Text content (automatically generated) would bo important I iriauy ailiiuuu tut m i nnil fir oil it nil In (O tllO State. It, seems to mo most evident thai mo two branches of labor ore quite incompatible, nml that to avoid annoying embarrassment nnd certain di-appointim-nt, tliuy must be maduto devolve upon dilforunt individuals. Furtlicrinore, to iinuro harinoiiy, rcspnii Ability nnd efficiency, ench Eurvcy must be placed in the charge of one individual, to whom nil others employed in it must bo pubordinatc. and all persons so employed must be selected, or fully opproved by him. .In estimating the amount of force nnd time necessary to perform the geological survey, several distinct considerations must not be overlooked. 1st. If a comparison bo made between this stale and nny other district of equal sizo in the norlhorn states. I believe that tho event will show that the geological characteristics am more numer ous and peculiar in this region than in nny other selected as ubove proposed. 2. This region has been so little examined that it would call for more investigation to deter mine its geology thnn any other of equal size in New England even supposing it to be in no ways peculiar. Geologically speaking, it is almost a new field. Again, considering in the 3d place the usages and fiscal resources of the state, it is no', to bo supposed that as grent an expenditure, even in comparison with its size, will be incurred in this enterprise by Vermont, ns haB been incurred by some of the states of the Union; but at the same time the work must be carried to a certain degree of com pletcncss, or the results will be so general and vague as to do but little in promoting tho wealth or the credit of the 6tate. 4. Whether the work had better bo done aa rapidly as practicable, or occupy a longer time, of course calling for a less annual expenditure, is nlso a consideration to be had in view j but that need not occupv any attention in this place. If that considera tion be laid aside, I think the following mode of proceeding most desirable. A commission bning given by proper authority to an individual to proceed with the survev. I would have him associate with himself nnothcr, deemed his enual in nbilitv and fidelity, and who in case of the providen tial interruption of the labors of the prin cipal, would be expected to succeed him in the charge. To tlte.-o two let there be joined two competent assistants. They migiu ue young men, so far acquainted with the subject that they could render direct aid in investigation, and whose opin ions would be worthy of some attention in doubtful points, and who could be safely trusted to do some things, as selecting specimens, making occasional reexamina tions, &c. To these must be added two able bodied, trusty nod capable laborers, to assist in the packing and transportation of minerals, tho conveying of the means of flubsistence nnd the performance of other necessary offices. These six persons would bo divided into two parties of three each. Tho survey would t litis proceed in two sep. aratc districts, in conformity to a plan decided upon ofter duo consultation. The principal and his associate would frequently interchange views and information as to tho region each one would be specially charged with, and if need should arise, they would examine some portions together. After proper intervals, at the close of the season if not before, coch would become, by means of a full personal communication of their observations, fully possessed of the views of the other, and belter prepared to proceed in the work afterwards. The labor of collecting proper specimens would be constantly going on, boxes of them being assembled at the most convenient points to be transported thence to a general place of deposit, after the labors of the field were over for each year. Aftor weighing the subject in my mind as care ful ns I am able, I have come to the con clusion, and I am confirmed in my opinion by that of nn experienced geologist now in & public employment of this kind, that with this force tho survey can bo completed in two years. What then ought to be the annual expenditure ? Taking into consideration the great responsibility and labor of tho employment, nnd the unavoidable hardships to which the persons engnged in it must bo subjected during nearly or quite six months of the year, while they must be no less closely occupied for the remaining part of it, in preparation of specimens for their final disposition and in elaborating their reports; considering moreover, that besides the great expense inevitably attendant on so much travelling in the summer season, it can hardly fail to be the case that the principal and his associate must incur some extra expense for visiting, in the winter season, collections and persons out of the state, for elucidating important and doubtful particulars, I think that the annuel sal ary of tho principal ought not to be less than fifteen hundred dollars, that of his associate fourteen hundred dollars, and that of the two associates, each eight hundred dollars. Besides these salaries there should be allowed to the principal and his associ ate, four hundred dollars each for the pay of the laborer and his support, for the transportation of specimens and other inci dental expenses. The nllowance of this sum for that purpose would bo much pre ferable to having them keep an exact ac. counl of expenditures for such purposes; 6uch account to be audited and paid after wards. Such an account would unavoida bly contain so many unusual, ond nut easily understood items, that its settlement would bo likely to lead to unpleasant feelings in all concerned. The estimated annual expenditure will therefore sloml thus : For salary of (lie principal geologist 1,500 " associate do 1 ,100 " i wo ussistniits l,d00 turn allowed fur charges SOO $5,300 Fnr the estimated two years' service in all 10,600. Should it be deemed advisable- to distri bute tho labor ond expense orer four years, Instead of two, I should estimate tho annual exnense as follows s For salary of (lie principal geologist $1,000 " his assistant gOO nllowance for charges .JOO For the estimated four years, the' total eo inn WOIIIU IH! KIU,UUU, The difloroncc of two hundred dollars in the total results is loo small a part of tho whole, to hovo it opornto os n reason for n..,nnn. , i,of .nnllinitin nrornrnnrn to the oilier. A desire to havo tho work speedily accomplished, would cause a deci sion in favor of tlio former : n wish to make thu annual expense less considerable, would bo mot by choosing the Inllcr. In proceeding to give somo opinions respecting the time necessary to execute a tuDOizrapiucal survey, and Hie expense of so doing, I must first remark that, from the naiuru oi ino cosiness, more uncertainly must rest upon my opinions in this, than in tho former ease. I have bestowed much reflection nnd considerable research on the subject, and have not in every particular relied wholly on my own judgment ; still It is impossible for me, (nnd 1 think it would be to any one.) to speak with full confidence on the subject in its whole extent. I will aim, however, so to limit my estimates of the extant of the work and tho means for its accomplishment up to thote limits, that no very serious difference shall be found between my results and thoso winch the actual tnnl shall produce. The fust thins to bo taken into the account, is the kind and cost of the instru uients to be used. It is to bu kept in view, that they must be, all of them, the most perfect possible of their kind. The most costly instrument would bo n large Theodolite. It must bo made with express reference to the work in question, nnd must be competent to mark truly, till' ferencus in ancles as small ns one second of, a degree. Considering its size nnd neces sary peculiarities and perfection, I fjiiilt it unwise to estimate its cost at less lafin one thuusaud dollars. Besides this, tlierc will be needed a smaller instrument of (he same name nnd use, marking as small differences as five or ten seconds of a degree, to serve for preliminary examinations, in order to determine where it will be best to lay tri angles, place signals, &c. saving both time and expense, from its greater purtnbloncss, and risk of damage to the large instrument, an amount far exceeding the cost of the smaller. This would cost shout three hundred and fifty dollars. A telescope level fur running a base lino lines of veri fication, and some other purposes, at a cost (with its necessary appendages) of two liundrcd dollars. In order to establish the longitude of cnirio una point Willi grent precision, a transit instrument, furnished wilh a proper support, would be indispen sable. This ought lo be, nt tho least, four or fotir and a half feet in length; it would be better still if it were six feel long. Tho cost would be, I suppose, about six hundred dollars. The instrument would be needful also in determining the base line. As a necessary means lor lixuig one longitude as named above, there would be wanted on nstronomical clock, costing three hundred and fifty or four hundred dollars. There ought to be procured also, lo aid in trans ferring the longitude from one place lo another, to time signals in certain cases, tSic. at least three chronometers. The cost of tho three would be, I suppose, seven hundred and fifty dollars. There must be procured a standard scale, most accurately compared with the most perfect standard in London or Paris, having official certifi cates ot sucn comparison, with proper apparatus lor transferring its graduation to other instruments. Indeed, to insure all confidence, it would be belter to get one from Paris, and another from London, and have the two subjected to a rigid compari. son by the individual charged with the survey. I can speak with less confidence of the cost of these instruments, tlinn in the most of the preceding cases. From thu best means of information within my reach. I place the cost of standards at five hundred dollars. In addition to these, there would be needed instruments, for actual measurement of the base lino, and sundry other small articles which cannot well bo enumerated. All these, I think, would not cost more than twelve hundred and fifty dollars. The estimate of instruments will there fore be as follows : 1 large Theodolite 1,000 1 Smaller do 350 1 Telescope level, &c. 200 1 Transit, 4 1-2 feet in length, 600 1 Astronomical clock 350 3 Chronometers 750 2 Standard scales with means for comparison 500 Measuring apparatus, and sundry small articles, say 1,250 g5,000 At all events, I cannot beliovo this csti mate to be amiss in any point, so as to affect materially the total expenditure. In the selection of a suitable person to execute the survey, and the deciding what amount of pay he is to receive, I think no regard should be had to the remuneration often made to persons who ore employed in different parts of the union, in surveying lands, directing rail road and canal con structions, or in any of the labors which commonly are made to devolve on civil engineers. I must not be understood as undervaluing their attainments, which may be admitted to be fully adequate to their requisite duties; and as to the value of their services, they who employ them, must be considered as the proper judges. Bui I should fail in my duty in this place, if I did not express most emphatically my conviction, thnt as a class (I do not neces sarily include in my rcmnrk every individ uul) they aro altogether incompetent to this undertaking. It is a work of far high- or order than uny which they linvo ever lo do with. It demands a standard of accu racy, n knowledge- of the difficulties in tho wny ol nttnining to thu rcqpisito precision and of the means by which these may be mu6t successfully overcome ; and in fine, an acquaintance with the obstruct sciences nnd their applications to (ho laws of physi. cat nature, winch arc In r ntinvo tlicir reach. I would not have it supposed, however, that, inasmuch as civil engineers often receive from three thousad dollars to twice or thrice that sum, per annum, for their services, the persons who may bo charged with this work, onu of immeasurably greater responsibility than any of those under tho charge of the former, arc lo rc ceivo a greater sum than thov do. On the contrary, I should propose one much less. There is no occasion hero to inquire into tlio lanes or uiimncss ui tlio luct, that thoso persons whoso labors aro expected to result in an immediate pecuniary benefit to a few, usually receive larger pay than (llicy do, whoso works, though a thousand fnlil tniirn limipficin to t 10 WOr d. ore leflS obvioushi nroductive of profit. It is eufli cient for the present purpose that such is the case. Whoever takes tho proposed charge upon Mini must do innucnceu oy outer and higher motives than tho pecuniary re ward. His views ol l no impnrtanco oi mo work to tho future benefit and honor of his country, and the gratification which ho will rcceivu in tlio execution oi so grcai on undertaking, must bo the chief reward of his toil and responsibility. His responsi bility will be much greater than that of the geologist ; but his latiguca nnd present expenses will uo mucii less, wore u not npcossnrv to consult the most riuid econo my, I should place tho salary of ench of them higher than I uo, nnd should niso propose to havo the individual charged with tho topographical survey accompanied with an associate equally competent to the work ns he himself might ho. Not deem ing that absolutely essential, I do not take it "into the account. He must have, how ever, with him nt oil times a very compc. tent assistant. I plncu the annual salary of the principal at fifteen hundred dollars, and that of his assistant, at nine hundred dollars. Tho labor of subordinates can not well bo placed on the same convenient footing ns in the geological survey. During a largo part of the lime, even in the tunimcr I suppose- none would be absolutely reeded At other times not onlv one nersoa, but several persons would bo wanted for short neriods. In some canes mechanic' work of different kinds would be called for, and occasional charges for materials would arise. It cannot be eMimntcd with much nrccisitin. therefore, what expense would come under this head. I think it would be necessary to leave such expenses to bo nniil for as they should occur, settling the account at appropriate times in the usual method. I see no grounds for estimating the average yearly charge (though it would bo probably creator the first year ond less in subsequent ones) at more than six hun dred dollars. Uniorscen causes might in crease tho amount somewhat. In estimating the lime necessary for the work, I look no farther than tho establish. incut of I ho base line and the first set of points and lines, extending from the north to the south part of the state. I make this limitation for two reasons. The first is that when this has been done, the great work may be said lo have been accomplished in a good degree, though it should never bo taken up again; inasmuch as these points nnd lines, can be made use of by ordinary means, lor settling boundaries ol towns the position of mountains, &c. with more than usual precision in any part, or in all parts of the state. In the second place, in tho determination of these points and lines, it would be easy to ascertain, with little or no increase of expense, what points and lines should be taken next, if it was desired to carry the exact survey farther. When that had been ascertained, an estimate of lime and money wanted for any future pro gress, could be made with all reasonable exactness; and till then, all estimates must be little more than bare conjecture, deser vint; of no confidence. I estimate that one year would bo occu pied, by the individual charged with the work, in procuring the necessary instru ments, (some of which could probably be made in this country, under his inspection, though the major part of them would of necessity be ordered from European artists of the highest reputation,) in malting some examinations of the shape of the country in reference to the object in view, and instituting somo needful experimental in vestigations. He could bo most profitably occupied in this way, nor would a year be less than sufficient to procure the instruments wan ted. Probably the great Theodolite could not be obtained in so short a time. The secoid year, ho and his assistant would probably be able to establish the base line, and to determine by trial with the small Theodolite, where- the work should bo laid; fix some permanent marks, and gel things in readiness for the observations with the frrcat Theodolite. I 6ee no reason for doubling that the work could be completed the third year. So fur as my knowledge of the state extends, I think the work could bo carried forward, in all respects (unless with regard to thu base line) with greater rapidity than in any other state in the Union. Tho estimate of expense will then stand thus : Salary of the engineer for 3 years $4,500 " for assistont 2 years " 1,000 For contingent expenses 1.200 For instruments 5,000 Total For geological survey Cost of executing both surveys Add for printing tho two reports g 1 2,500 10,000 .23,300 1,700 25,000 Tho foregoing estimate may seem to in dividuals, who have bestowed little thought on tho subjects that are concerned in it, to amount to a very large sum. But to them who nrc qualified to form adequate opinions on the matter, and who have bestowed that ntteniion to it which its importance de mands, I am confident that it will appear a very moderate sum, compared wilh I he magnitude of the work proposed, nml their incalculable advantage to the Mate, if properly executed. It is not proper for me to occupy time in enlarging upon thu topic, viz: the benefits which will accrue to thu citizens of Vermont from theso surveys, yet I cannot let it pass without one or two brief remarks. Many states of the union aro turning their attention with earnestness to similar surveys, nnd some of them who have al ready incurred considerable expanse- in ma king and publishing geological examina tions of their territory, havo found such a manifest advantango from matin" their own citizens acquainted with the treasures beneath the surlaco of their soil, and from furnisning inducements for others to join in tlio participation of them, that thev uro in curring additional charges in making more critical explorations, Multitudes of our citizens ore leaving, year aftor year, Ibis state, to settle themselves in what they suppose- to bo more favored parts of tho union. There can be doubt in tho mind of any competent judge, that n correct cxhi bltiun of the true state of the case will do much to dispol this delusion, and show our community that when they arc led by one or two inducements standing in a strong and deceitful light, to forsako the green hills of their forefathers for thu prairie soils of the west, thov nru leavitiL' behind ten fold greater and tnoro numerous advantages, calculated lo moke themselves nnd their posterity, prosperous, virtuous nnd happy. If the benefits of an accurate topograph ical survey aro not so obvious to the minds of nil, they aro none tho less real. The impnrtanco of such a work in fixing ever lusting points of reference, for all future divisions of the state into cither greater small portions, and the consequent saving of contention about disputed boundaries, the precision will give, in fine, to every kind of geSlrraphical determination. cannot ue too ntgv!tliought ot. Uut this is lar from belnjHho only consideration which ought to liflrweishl in the minds of I hem who arc fonecido on tho measure. The durable reputation of the state is too deeply concerned in it to be overlooked in its consideration. In this respect, it is not saying too much to assert, that no le gislative act could be passed, which would bo more deeply engraven in history, than the one which should lead to the execution of tho work in oiieslion ; for the moment it is completed, the state become one of tlio few great centres in the scientific world and is connected with thoso of Europu nnd Asia, in a relation which can never be bro ken up, nil tho solid foundations of the earth change their places. It is not easy to behevo that, wilie people of this state arc to be benefited in so important decrees by the accomplii-hment of both of those ob. jects, they would willingly hesitate in the execution of them when the entire expense, unless the preceding estimates are greatly too low, would not exceed an uverage of ten cents for each inhabitant of il ; the expense being, morovcr, distributed over several years. On tho subject of the expense proposed, particularly for the geological survey, I wish to add a few words lo what has al ready been said. I have not any informa lion at hand as to the amount both of time and money already expended in such a work by nnv other slate, save in one case, that of Massachusetts. In reference to that I have only in view, information given in the report of Prof. E. Hitchcock, who was employed in making the geological survey of that slate. Ho occupied but a little more than three years in making the required examination and Ins work exhibits an amount of valua ble information, which is most creditable to his abilities and industry. But lest a;iv one should infer that Vermont, being a smaller state than Massachusetts, oughUlo need a less time for its examination, Stead of greater, us I have proposed. I think-it pro per to note one or two important differcn ccs in the t wo cases There have been for manv years a considerable number of sci entific gentlemen, residing in the state of Massachusetts, making local examinations and connecting their results, and these re sults have been still more enriched by the labors ol many other persons in the adja cent slates. All this body of information was directly aynilablo to that gentleman references to which appear in almost every part of his report, and in his own case says "had 1 not, previous to receiving my com mission, travelled nearly as far, and obtain ed nearly as much information relative to the geology of the state, as since that pen od, my report could hardly have been tol crable. if it is so now. As it is, I can re gard it only as the commencement of the work of exploring our rocks and minerals It should bu noted that so important have his past labors been deemed, that he is now occupied under a new commission in carry ing the investigation to a farther extent. In the case uf this state, tficre is almns a total want of these sources of information to which he had such ready access, and which saved him so large an amount of la bor. So little has been done in this way in Vermont that it is almost entirely a new field. In regard to the expenses of his work, up to the making of Ins report, and before its publication, he informs us in his intro duction that the sum paid for making the survey, preparing specimens, c. was only two thousand and thirty dollars. This may seem surprisingly small, compared with the time and labor thnl must iiavc been expen ded, nnd no less so when compared with the sum in the preceding estimate. I was informed by a gentleman who was concerned in tho measure, that the tiro thousand and thirty dollars covered barely the expense incurred, independent of any remuneration whatever for tho labors of Mr. II. ; that in fact he did the work for nothing. This statement of the cae will remove I lie surprise which any une may experience nt first on hearing the small amount of expense paid out in that instance. I have not felt that I should be justified by that example in leaving out of my estimate's n moderate compensation to whoever might bo employed in making a geological survey of this 6tatc. In rcga:d to tho best mode of proceeding in case i'. should be decided lo have either or both of tho proposed surveys entered upon, 1 uog leave to make one or two sug. gestions. It does not appear to mn possi ble, considering thu shurt tune that thu legislature of this state is customarily in session, that any law authorizing the works, could contain liio names of the individuals who nro to bo employed in thuir execution. Were that to bo the cafe, if proper selec tions should be made, it must be considered the result of chance, rather than of that impartial and discreet inquiry and careful aeiiuct niton, which so important a matter demands. The most that could bo pru dently done, would be to pass a law author izing the works, and designating an indi vidual or individuals, by whom commissions arc to be issued to suitable perrons of their selection, such limitations as to expenditure being made- as the logislaturo should judge proper. Should tlio legislature determine to make- tho geological survey and omit entering upon tho topographical survey, there could no very serious question arise nn lo the annual appropriation needed. That would bo easily determined upon bv a regard to tho probable- total amount of the cost, and whether that had belter bu distributed about equally on toj or four years, as already mentioned. Should they decide to proceed with the topographical, nnd neglect the geological suivey, the most convenient distribution would bo probably in this wise : five thousand dollars for tho first year, four thousand five hundred for the second, nnd three thousand fnr the third yenr. Should it be determined to proceed with them both at onco, it would doubtless be thought best to carry the gco. logical survey through four years instead ofiwnonly. In that case, n convenient distribution of the funds would be, eight thousand dollars Tor the first year, seven thousand fur the second, six thousand for the third, and from three to four thousand in the fourth year. In any way of arrang ing the business, annual statements should bo made by those employed, of the progress made in their respective duties, though a complete report could not bo expected, in cither case, till the work should be finished. All which is respectfully submitted. GEO V. BENEDICT. Burlington, Sept. 30, 1037. FRIDAY MORN ING, OCTOBER 5. SIKVEY OF THIS STATE. At the October session of the legislature of this state 1030, in pursuance of a reso lution introduced by one of the Senators from the county of Bennington, tho Gov ernor was requested to tako measures to ascertain the expense of a geological ond topographical survey of this state. His excellency, in pursuance of this request, addressed letters to several scientific gen tlemen and received onswets which were submitted to the legislature at tlicir last session, and ordered lo be printed, for the information of the people. Prof. Benedict, of the University of Vermont, entered into the subject extensively, and made a very elaborate report to the Governor, in which an estimate is rnade of the cost of the Survey. We to day publish Prof. Bene dict's letter, nnd recommend it to the nlten lion of our readers. Other States around us, 6ome of them long since, have caused a survey of their territory, and the result, in somo cases has developed rich treasures in tho bowels of the earth, before unknown to man. IMPRISONMENT FOR DEBT. As the legislature is about to assemble, we hope the people will not fail to remind their representatives of their pledges ex press or implied on the subject of impris onment for debt. The time has come public sentiment, right reason, justice, all j demand that this foul enactment be erased from the statute book ; and we cannot but hope that the very few who have doubts as to the policy of the measure, will refrain from any further attempt to embarrass or delay it. Let '.he first day's journal bear' witness to a bill of one section, simply abol ishing imprisonment ; but lot there be no proviso to it, no provision for the collection of debts, tho punishment of frauds, &c. If found necessary at all, let this bo the subject of n separate enactment. This is the ground the true friends of tho measure ought to take, and consent to no comprom isc. A bill containing six lines, is amply sufficient. For one, we insist upon the measure; and our advice to those who may vote against it would be, never to think of returning to their constituents for they will have none. Mtr.iTAnY. Our town will be enlivened to-day and to-morrow by the presence of the officers, non-commissioned officers nnd musicians of Col. Thomas' regiment, for the purpose of a military drill. As this is the first assemblage of the regiment under the new act, it will be looked to with some interest. Wo ought to have mentioned last week that Mnj, Langshore iias been promoted to the office of Lt. Colonel, and R. N. Flack, of this place, elected Major. CONCEKT. Mr. Edilor I wish Ihroush you to call the at icntionof the public lo the concert of Mr. Molt, this evening. I perceive from tlio programme some very fine pieces are lo be pet formed, which partic ularly deserve the ntteniion of all admit ers and judges of musical composition, and some of which have never been performed here. Invitation a la Valse, Overltne lo Saigino and Ilando, fiom Tan credt, are exlteiuely fine. I am told by those who have heard it, that " Vermont Militia March," a pleasing composition, exhibiting much skill nnd knowledge in the composer. As the officers of the Regiment are to be in town, Its hoped lltey will compliment llio composer by attendance. Our own village offers us in this concert an innocent, rational, and improving public amusement, which may refine lite lasie, while it satisfies llio thirst of nature for llie new and pleasing what the moralist is ever seeking for. It afford us also an opporlu nily 10 encourage genius, unil aid in his profession nl pursuits n man, who has done much and can do more union,' us, to clevalo llio standard of imli vidttal and public taste, in ono of lite most delight ful of the fine arts. Il is lo bo hoped that we shall do ourselves honor by liberal palronse, CANADA. The determination of Lord Durham to vacate the Government of tho Canadas, has created in that country, as might have been expected, llio greatest excitement. This determination was communicated by his Lordship, in answer lo an address of delegates from the Provinces of Nova Sco tia, New Brunswick and Prince Edward Island, and would bo formally announced on receipt of despatches from England, officially advising him of the determination of Parliament. The Legislature assembles at Montpolier on Thursday next. Walton will givo a full and fair account or the doings in his Daily Journal. Prico only gl. Better subscribe. Election in Pennsylvania next Mondoy. Look out, Tories ! COMMUNICATION. Mr. Stacv I tun right glad dial tlie subject of imprisonment for debt lias, become ofl.iie u .nliipc of closn mid Tearless investigation, not only will, tliote who wrile for the I'icss, lint with I lie prima ry assemblies of die people, tun! if the lesoluliom adopted in many places at these meeting nlTurd any index of public opinion on llic subject, tho voice of cotitiiiiiniiy is decidedly in favor of abol ition;; lltal lemnani of u barbarous age. I do not however now refer lo this subject for llio pur po.'o of emeriti'' inlo n lengthy discussion iliereon. since your roiiepondenl A. 11. lias licated llio sub jeel in n able, ami I think, ronvincing in. inner. (ii uiai ii wonm tm worse man tautology lor an indifleicnt wriier like myself lo go over llie ground iiuain. 11 ut since there seems In lie nn iinwillinw. tin llio part of many lliat llie proposed amend ment in our civil code respecting I lie fulfilment of conn ads should operate lo lite immediate nbiogn.- urn ui mis unwise anu unjust power ol the creilnor over llie debtor, I feel that I cannot remain silent without offmng n woul or two on tlie subject. I think sir, if the dictates nfic-ason, humanity, and linpaihal justice me lo have their proper weight in inducing nml luingiiig about the abolition of hn piisonmenl foi dehl, ihey if quite, and peiemp. lorily, that the person of the honest unfortunate debtor should be wilhout leserve exempted from Imprisonment. It is not so easy to show what reasons tlicic are why imprisonment for debt should not be nbolWied on nil contracts now existing, u3 well -is debts that may hereafter be contracted, lli.u would not weigh with equal force against abol. i-hing the practice of imprisoning the delinquent debtor, as has usually been done. I would ask those who me so feaiful of llie consequence? of exempting llie honest debtor from his liability to bo put injail on debts now due, when do lltey eupposo llie body of llie poor man who hapaen.i lo owe a few dollars, will ever be freed from llie iron grasp of rigid rreditors, if we are lo humor llie whims of those who trust people in trade, who beg for a lit tle while longer and a little while longer in which ihey can put the screws on ihose who owe lliem nnd are not able lo pay 1 Is there not reason lo fear that should we wait till mm Ii are ready for llie propo'ed refonn in our civil code, the lime will bo far distant when the clesiicd amendment will bo brought iiboni 1 The same reasons which lie ngaiust lliL-perpetuation of the bat barons custom of imprisoning a man because he is unable lo pay, hold equally eliong ag,iin-t imprisonment for debt on contract now due. If the humming n poor man in n prison because he owes what he has not the means lo pay, be wrong al all, it is wrong al together, and the sooner our legislatois repeal tho odious clause in our statute books, the sooner and mote faithfully will they do their duty. It appears to me that llie objection lo making llie law retro spective, cannot be sustained with show of plausi bility without first assuming it ai a principle that in all contracts now exi.-ling, llie debtor has agreed wilh the creditor to jield his libeiiy.and submit lo be plared in jail in case of failuie lo pay. Wheth er this be the amoui'i of the contract now pending against llio-e who owe, I am not sure, but this I will say, I never so understood mv creditors, and was I so to be infoimed I never would again suffer my name to hi enteied on the merchant's ledger ns a debtor. To conclude mv return ks. I nrotest agaiiist iiualifying any bill having for its object llio abolifhing impiisonment fir debt, in the wav soma would have it. Let the fraudulent be imnhlir-il. but in llie name of benevolence, humanity and righicouiiess,suner not the unfortunate honest poor man lo be :i moment longer subject to be deprived of liberty lo gratify the rapacity of unfeeling credu A FHIKND TO THE POOR. JIuntington, Sept. 1S33. For the Free Press; ToS J Sweet lady, when I left thee in thy how'r, And falt'iing turned to breaihe a last farewell, uen my son itauii was geiulv piessed in mine, And nn my heart, thi voice like music fell. Think not heait was rold bceatii tlM pow'r , iiiiugii Hgu; my worn, tiipyuui nut lalselv shine, Like sunlight beaim above a troubled sea ; For in tho-e daik impassioned i-yes of thine, 1 load the tittlh, the changeless truth of heart, That ever seemed lliy lovhest charm lo me Chaim thai rli.i 1 1 lie, when jouih and beauty part; And grow but brighter us thy years decline. I begged a "comer in thy memory," And if thy heart is tender ns tliiite eye, And full of love as is thy voice's lone, Thoii'h not refuse the light, jet precious boon. Oh make me theie a calm, sequestered grot, Deep in thy spirit's holiest tecess, VVh-ie thou dust hide thy saddest, purest lean; Then turn when thou art lonely, to the spot, And waiid'ring s'er ihe waste "of vanished years, Think thou of him who "names ihee but to bless, s. A. K. DIL D On the 20lh September, at I he residence of hist daughter, in Colehesier, Mr. Jnmes O'itryon, aged 70 years. I'limeis in the State of New'York uro requested to notice the ubove. Astronomical Lectures. Z THOMPSON proposes to give a course of lectures on Astronomy at the Court House in this villnge, to com mence on Friday next, (tho 12th inst. at 7 o'clock in the evening. The course will consist of at least twelve lectures, nnd the subjects will be illustrated by diagrams and other apparatus. Terms gl for the course. Tickets may bo had at tho Post Oflico. and at the IJookstorcs of Messrs. Goodrich and HickoJ. Uurlmgtnn, Oct. 5, lf530 HAY FOR SALE. nMHU subscribers offer for sale 12 tons J- of HAY, of good quality, abiul ono mtlo from Bex Meeting House. Also, 10 tons of Hay, of good quality, on tho Shelburn road, three miles from this vil lnge. This hay will be sold low, and is worthy the notice of persons wishing lo purchase nml drnw it themselves. Also, 300 bushels of O A T S, at i heir store. HICKOK &. CAT LIN. Burlington, 2d October, 1838. Jonathan G. Stewart's Estate. WE the subscribers having been ap pointed by tho Hon. Probato Court for thu District of Grand Isle, commission, ors to receive, examine all claims and de mand of all persons against the estate of Jonathan G. Stewart, late of South Hero, in said district, deceased, represented insol. vent, nnd all claims and demands exhibited in offset thereto, and six months from tho 22d day ofAuguat, A. D. 1030, being al lowed by said Court for that purpose wo .1 l... . I. .!... 11' P will liieifiuit; nuifujr iiuum attend to tho business of our appointment ot Hector Adams's office,' in said South Hero, on the first Tuesday of February, A. D. 1039, from 10 o'clock, A. M. till four o'clock, P. M. Given under our hands, at said South Hero, thia22d day ofScpt. A. D. 1030. CALVIN FLETCHER, DAVID COHDIN.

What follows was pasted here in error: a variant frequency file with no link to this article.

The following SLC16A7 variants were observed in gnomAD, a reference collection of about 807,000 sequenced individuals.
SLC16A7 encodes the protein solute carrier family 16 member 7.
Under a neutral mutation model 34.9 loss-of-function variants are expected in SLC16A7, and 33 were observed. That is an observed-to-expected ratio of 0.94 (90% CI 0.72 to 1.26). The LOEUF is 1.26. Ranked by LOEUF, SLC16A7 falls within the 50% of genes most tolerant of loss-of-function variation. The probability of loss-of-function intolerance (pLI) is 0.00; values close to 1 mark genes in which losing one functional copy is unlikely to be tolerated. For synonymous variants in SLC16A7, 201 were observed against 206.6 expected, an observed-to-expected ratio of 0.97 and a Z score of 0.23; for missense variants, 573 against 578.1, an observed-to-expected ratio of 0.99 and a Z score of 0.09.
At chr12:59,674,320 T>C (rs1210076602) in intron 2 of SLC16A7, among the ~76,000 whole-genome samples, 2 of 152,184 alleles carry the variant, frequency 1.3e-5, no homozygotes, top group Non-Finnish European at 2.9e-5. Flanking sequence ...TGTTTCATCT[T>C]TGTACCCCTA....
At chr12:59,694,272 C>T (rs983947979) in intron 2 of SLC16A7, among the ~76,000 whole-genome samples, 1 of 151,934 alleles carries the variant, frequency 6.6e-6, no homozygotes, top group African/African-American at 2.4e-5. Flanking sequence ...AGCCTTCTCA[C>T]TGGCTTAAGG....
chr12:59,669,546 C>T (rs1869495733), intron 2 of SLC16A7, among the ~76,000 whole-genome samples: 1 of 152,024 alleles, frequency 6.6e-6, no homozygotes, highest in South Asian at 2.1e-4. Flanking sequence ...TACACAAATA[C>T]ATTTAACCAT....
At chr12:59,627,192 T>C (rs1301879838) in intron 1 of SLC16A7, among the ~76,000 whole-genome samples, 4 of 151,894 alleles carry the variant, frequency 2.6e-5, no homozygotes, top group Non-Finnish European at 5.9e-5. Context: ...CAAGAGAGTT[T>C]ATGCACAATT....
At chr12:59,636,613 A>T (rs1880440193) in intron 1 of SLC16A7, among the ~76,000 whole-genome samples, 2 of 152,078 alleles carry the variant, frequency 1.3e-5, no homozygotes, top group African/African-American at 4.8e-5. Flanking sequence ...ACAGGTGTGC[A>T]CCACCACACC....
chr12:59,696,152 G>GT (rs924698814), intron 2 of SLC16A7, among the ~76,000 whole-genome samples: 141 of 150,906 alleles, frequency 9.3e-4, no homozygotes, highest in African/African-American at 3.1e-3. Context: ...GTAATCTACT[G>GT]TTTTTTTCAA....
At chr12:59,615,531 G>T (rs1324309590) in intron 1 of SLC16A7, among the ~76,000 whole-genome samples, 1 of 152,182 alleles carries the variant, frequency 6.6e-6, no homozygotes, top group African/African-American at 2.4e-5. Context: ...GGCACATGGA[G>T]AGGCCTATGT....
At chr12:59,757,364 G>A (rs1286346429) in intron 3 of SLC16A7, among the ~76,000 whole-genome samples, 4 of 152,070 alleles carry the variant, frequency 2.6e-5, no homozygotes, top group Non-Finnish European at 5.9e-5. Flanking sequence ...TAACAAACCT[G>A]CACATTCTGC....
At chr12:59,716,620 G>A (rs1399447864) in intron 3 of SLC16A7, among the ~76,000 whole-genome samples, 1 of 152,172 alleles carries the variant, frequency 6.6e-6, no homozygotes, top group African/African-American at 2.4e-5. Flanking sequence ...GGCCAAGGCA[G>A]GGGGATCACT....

Other pages from this issue: